Depending upon the energy source that is utilized and the binder precursor chemistry, a curing agent, photoinitiator, or catalyst is sometimes preferred to help initiate polymerization of the binder precursor. For instance, examples of suitable photoinitiators that generate a free radical source when exposed to visible radiation, are described in U.S. Pat. No. 4,735,632 (Oxman et al.), which is incorporated herein by reference. The preferred initiator for use with visible light is commercially available from Ciba Geigy Corp. under the trade designation "IRGACURE 369". The photoinitiator can be typically used in an amount of between about 0.5% to 5% based on total weight of the abrasive slurry (binder, additives and abrasive particles). On the other hand, if the energy source is electron-beam ("E-beam"), free radicals to initiate polymerization in the binder are generated and provided by the energy source itself.
The term filler also encompasses materials that are known in the abrasive industry as grinding aids. A grinding aid is defined as particulate material that the addition of which has a significant effect on the chemical and physical processes of abrading which results in improved performance. Examples of chemical groups of grinding aids include waxes, organic halide compounds, halide salts and metals and their alloys. The organic halide compounds will typically break down during abrading and release a halogen acid or a gaseous halide compound. Examples of such materials include chlorinated waxes like tetrachloronaphtalene, pentachloronaphthalene, and polyvinyl chloride. Examples of halide salts include sodium chloride, potassium cryolite, sodium cryolite, ammonium cryolite, potassium tetrafluoroborate, sodium tetrafluoroborate, silicon fluorides, potassium chloride, magnesium chloride. Examples of metals include, tin, lead, bismuth, cobalt, antimony, cadmium, iron, and titanium. Other miscellaneous grinding aids include sulfur, organic sulfur compounds, graphite, and metallic sulfides.
Examples of antistatic agents include graphite, carbon black, vanadium oxide, humectants, and the like. These antistatic agents are disclosed in U.S. Pat. Nos. 5,061,294 (Harmer et al.); 5,137,542 (Buchanan et al.), and 5,203,884 (Buchanan et al.), all incorporated herein by reference.
A coupling agent can provide an association bridge between the binder precursor and the filler particles or abrasive particles. Examples of coupling agents include silanes, titanates, and zircoaluminates. A preferred silane coupling agent is commercially available from Union Carbide under the trade designation "A-174". The abrasive slurry (binder, additives, plus abrasive particles) preferably contains anywhere from about 0.01 to 3% by weight coupling agent based on total weight of the abrasive slurry.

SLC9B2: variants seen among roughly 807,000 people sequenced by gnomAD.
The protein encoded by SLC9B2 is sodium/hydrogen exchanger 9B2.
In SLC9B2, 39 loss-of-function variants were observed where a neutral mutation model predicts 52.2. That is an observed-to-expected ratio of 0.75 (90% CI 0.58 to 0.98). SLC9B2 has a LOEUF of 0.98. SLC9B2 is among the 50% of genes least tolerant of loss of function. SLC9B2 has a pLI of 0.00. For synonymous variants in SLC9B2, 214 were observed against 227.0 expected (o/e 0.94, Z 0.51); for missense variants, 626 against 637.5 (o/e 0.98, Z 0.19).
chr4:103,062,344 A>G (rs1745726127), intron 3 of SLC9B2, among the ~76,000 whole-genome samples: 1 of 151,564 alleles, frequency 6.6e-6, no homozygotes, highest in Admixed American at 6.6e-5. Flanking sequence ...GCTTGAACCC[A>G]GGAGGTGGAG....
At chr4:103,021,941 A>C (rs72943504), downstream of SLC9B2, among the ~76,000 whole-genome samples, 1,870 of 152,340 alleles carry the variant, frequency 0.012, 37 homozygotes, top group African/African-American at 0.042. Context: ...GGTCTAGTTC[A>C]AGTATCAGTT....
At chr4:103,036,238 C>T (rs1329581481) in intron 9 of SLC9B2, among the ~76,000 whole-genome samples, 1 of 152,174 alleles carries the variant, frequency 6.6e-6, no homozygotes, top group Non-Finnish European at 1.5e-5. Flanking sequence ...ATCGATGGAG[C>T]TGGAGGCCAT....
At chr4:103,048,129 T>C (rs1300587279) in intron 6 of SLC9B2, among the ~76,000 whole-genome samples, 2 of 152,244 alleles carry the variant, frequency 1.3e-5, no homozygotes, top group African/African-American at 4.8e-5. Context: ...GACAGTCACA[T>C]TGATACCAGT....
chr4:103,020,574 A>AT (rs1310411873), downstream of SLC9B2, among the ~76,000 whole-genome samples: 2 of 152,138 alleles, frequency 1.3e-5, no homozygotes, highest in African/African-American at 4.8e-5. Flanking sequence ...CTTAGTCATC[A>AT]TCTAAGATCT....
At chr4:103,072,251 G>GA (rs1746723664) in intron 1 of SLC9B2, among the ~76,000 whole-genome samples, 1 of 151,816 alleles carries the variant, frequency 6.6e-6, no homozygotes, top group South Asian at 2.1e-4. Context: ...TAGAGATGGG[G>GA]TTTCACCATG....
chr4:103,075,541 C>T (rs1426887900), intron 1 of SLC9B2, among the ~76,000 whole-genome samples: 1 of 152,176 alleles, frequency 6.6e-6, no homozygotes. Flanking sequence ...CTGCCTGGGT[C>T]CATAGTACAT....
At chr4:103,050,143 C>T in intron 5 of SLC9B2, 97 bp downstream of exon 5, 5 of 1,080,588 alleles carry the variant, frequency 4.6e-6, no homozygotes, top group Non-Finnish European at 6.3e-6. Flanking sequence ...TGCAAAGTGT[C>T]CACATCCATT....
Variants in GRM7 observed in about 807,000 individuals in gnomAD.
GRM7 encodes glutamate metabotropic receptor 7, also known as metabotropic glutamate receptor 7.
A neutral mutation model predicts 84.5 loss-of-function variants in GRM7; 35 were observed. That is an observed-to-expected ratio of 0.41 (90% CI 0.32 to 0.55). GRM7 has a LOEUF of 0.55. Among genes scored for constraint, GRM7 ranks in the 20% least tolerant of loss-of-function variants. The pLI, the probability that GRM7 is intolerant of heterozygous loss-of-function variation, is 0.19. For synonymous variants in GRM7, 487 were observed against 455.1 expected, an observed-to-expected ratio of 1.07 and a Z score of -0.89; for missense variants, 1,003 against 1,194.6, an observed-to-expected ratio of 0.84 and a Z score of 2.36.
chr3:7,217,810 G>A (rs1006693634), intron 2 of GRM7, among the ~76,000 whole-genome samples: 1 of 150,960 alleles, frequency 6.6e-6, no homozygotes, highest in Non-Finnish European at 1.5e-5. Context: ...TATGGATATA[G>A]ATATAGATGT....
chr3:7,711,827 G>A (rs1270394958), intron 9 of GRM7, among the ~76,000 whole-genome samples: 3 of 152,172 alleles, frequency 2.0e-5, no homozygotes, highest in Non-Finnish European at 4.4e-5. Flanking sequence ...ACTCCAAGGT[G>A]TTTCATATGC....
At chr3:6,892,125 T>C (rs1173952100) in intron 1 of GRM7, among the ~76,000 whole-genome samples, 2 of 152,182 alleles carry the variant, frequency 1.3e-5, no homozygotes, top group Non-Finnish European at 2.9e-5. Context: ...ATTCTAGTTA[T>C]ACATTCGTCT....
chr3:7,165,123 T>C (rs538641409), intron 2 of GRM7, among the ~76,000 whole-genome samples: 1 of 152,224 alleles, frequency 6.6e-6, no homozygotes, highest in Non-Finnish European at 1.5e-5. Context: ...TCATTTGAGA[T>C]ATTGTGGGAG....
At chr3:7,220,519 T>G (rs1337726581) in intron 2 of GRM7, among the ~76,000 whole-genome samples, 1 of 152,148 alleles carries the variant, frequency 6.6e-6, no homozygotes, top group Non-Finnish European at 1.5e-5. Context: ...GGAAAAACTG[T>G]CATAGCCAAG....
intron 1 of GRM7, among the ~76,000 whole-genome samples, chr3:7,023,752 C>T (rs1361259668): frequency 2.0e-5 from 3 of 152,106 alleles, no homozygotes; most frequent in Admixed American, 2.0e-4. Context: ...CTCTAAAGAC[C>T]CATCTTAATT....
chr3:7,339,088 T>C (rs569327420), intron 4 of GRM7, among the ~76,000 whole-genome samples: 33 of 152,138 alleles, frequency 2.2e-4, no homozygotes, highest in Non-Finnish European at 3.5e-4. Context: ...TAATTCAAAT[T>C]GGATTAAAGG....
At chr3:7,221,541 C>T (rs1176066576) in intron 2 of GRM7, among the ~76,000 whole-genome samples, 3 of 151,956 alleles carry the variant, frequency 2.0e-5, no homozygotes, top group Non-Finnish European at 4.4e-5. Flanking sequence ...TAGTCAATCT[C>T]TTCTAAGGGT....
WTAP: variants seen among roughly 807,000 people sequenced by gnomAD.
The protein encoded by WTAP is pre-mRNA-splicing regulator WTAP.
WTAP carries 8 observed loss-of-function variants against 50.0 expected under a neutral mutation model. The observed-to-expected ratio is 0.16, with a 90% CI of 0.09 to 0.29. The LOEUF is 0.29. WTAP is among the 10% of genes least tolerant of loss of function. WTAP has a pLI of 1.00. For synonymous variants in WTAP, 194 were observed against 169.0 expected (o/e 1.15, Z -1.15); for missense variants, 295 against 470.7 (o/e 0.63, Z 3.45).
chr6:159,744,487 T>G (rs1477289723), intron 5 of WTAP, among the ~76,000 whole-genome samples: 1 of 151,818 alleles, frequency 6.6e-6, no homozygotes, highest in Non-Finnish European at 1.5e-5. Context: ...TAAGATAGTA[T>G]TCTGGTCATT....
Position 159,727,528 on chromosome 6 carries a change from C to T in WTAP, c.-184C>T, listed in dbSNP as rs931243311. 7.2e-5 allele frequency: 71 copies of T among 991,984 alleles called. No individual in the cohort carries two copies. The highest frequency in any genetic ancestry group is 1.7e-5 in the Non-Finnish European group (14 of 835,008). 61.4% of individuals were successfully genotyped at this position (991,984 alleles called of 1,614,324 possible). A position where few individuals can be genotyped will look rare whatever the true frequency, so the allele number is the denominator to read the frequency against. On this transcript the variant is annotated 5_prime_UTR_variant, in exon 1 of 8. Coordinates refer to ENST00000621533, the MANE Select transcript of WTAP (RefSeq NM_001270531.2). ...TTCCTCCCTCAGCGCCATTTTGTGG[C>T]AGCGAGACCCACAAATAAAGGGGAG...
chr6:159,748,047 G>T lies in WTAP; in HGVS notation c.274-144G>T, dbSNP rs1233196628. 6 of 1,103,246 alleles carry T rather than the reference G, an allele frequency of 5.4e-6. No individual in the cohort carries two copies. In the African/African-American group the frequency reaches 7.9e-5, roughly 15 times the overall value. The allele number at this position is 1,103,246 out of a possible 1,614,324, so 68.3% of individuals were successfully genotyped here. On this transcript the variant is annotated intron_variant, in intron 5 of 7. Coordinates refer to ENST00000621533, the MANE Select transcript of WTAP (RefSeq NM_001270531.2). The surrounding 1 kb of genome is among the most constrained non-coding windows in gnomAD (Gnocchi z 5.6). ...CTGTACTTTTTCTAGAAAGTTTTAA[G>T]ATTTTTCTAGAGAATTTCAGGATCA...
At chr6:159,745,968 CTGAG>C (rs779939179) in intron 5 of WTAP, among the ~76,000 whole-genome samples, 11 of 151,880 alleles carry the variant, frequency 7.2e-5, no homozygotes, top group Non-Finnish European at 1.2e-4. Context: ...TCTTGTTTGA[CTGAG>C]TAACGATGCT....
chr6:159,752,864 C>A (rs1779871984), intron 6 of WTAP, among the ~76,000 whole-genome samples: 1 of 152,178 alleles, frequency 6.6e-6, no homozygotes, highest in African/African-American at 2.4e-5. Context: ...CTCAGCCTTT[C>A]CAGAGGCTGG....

An example of a suspending agent is an amorphous silica particle having a surface area less than 150 square meters/gram that is commercially available from DeGussa Corp., under the trade name "OX-50".
The abrasive composite can be formed as a plurality of rectilinear abrasive ridges, each ridge being formed of a continuous line of abrasive material extending between the side edges of the backing, or alternatively, each ridge is formed of a plurality of individual abrasive composite shapes intermittently located along an imaginary line extending between the side edges of the backing. These rectilinear composite ridges are positioned as parallel rows on a flexible backing.
In the embodiment involving abrasive composites that are shaped as continuous rectilinear ridges of abrasive material, the ridges are formed such as by appropriately shaping an uncured abrasive slurry with a production tool, described later herein, which is configured to present the converse shape of the desired pattern of ridges. The mold or production tool is removed after the slurry is sufficiently cured or gelled to hold the basic contour imparted into the abrasive slurry by the tool cavities. The abrasive slurry used to form the continuous ridges of abrasive material can be slightly overfilled into the production tooling, described in more detail hereinafter, to the extent that land portions are formed between the adjacent ridges at their lower portions, viz. up to about 25% of the height of the ridges, by virtue of a continuous monolayer of abrasive material formed extending underneath and between the three-dimensional composite ridges extending from the horizontal outer surface of the lands.